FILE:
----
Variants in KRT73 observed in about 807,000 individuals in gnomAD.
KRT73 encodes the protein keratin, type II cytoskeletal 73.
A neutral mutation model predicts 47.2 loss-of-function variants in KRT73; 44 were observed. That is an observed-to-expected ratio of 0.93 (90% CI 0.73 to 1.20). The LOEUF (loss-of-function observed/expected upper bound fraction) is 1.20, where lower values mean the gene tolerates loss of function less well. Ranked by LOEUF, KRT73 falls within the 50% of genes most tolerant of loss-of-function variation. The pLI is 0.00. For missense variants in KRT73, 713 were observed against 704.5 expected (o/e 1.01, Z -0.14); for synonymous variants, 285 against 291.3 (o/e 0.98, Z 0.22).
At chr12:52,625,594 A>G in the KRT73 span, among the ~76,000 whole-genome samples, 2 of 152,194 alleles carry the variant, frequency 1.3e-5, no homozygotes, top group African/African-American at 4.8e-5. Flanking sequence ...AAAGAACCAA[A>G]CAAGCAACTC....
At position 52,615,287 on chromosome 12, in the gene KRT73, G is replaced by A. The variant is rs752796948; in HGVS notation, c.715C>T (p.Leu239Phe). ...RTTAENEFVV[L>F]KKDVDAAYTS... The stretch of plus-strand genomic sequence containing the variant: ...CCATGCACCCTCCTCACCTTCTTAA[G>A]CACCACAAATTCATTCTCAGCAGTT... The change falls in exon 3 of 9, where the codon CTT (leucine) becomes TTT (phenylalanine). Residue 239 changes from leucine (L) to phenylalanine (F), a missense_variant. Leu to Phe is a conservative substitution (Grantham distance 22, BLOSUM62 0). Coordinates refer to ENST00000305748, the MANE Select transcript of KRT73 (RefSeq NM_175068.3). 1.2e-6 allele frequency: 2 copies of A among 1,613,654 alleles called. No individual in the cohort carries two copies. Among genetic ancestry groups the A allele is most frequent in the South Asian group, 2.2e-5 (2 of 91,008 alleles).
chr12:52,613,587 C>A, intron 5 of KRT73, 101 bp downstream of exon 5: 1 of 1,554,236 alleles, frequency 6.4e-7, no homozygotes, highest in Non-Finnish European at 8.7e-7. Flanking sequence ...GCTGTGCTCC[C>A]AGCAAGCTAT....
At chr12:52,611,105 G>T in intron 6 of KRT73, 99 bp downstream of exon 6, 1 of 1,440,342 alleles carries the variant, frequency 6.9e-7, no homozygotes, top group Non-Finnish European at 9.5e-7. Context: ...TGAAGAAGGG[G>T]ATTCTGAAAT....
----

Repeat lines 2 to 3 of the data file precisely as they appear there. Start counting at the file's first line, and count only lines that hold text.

KRT73 encodes the protein keratin, type II cytoskeletal 73.
A neutral mutation model predicts 47.2 loss-of-function variants in KRT73; 44 were observed. That is an observed-to-expected ratio of 0.93 (90% CI 0.73 to 1.20). The LOEUF (loss-of-function observed/expected upper bound fraction) is 1.20, where lower values mean the gene tolerates loss of function less well. Ranked by LOEUF, KRT73 falls within the 50% of genes most tolerant of loss-of-function variation. The pLI is 0.00. For missense variants in KRT73, 713 were observed against 704.5 expected (o/e 1.01, Z -0.14); for synonymous variants, 285 against 291.3 (o/e 0.98, Z 0.22).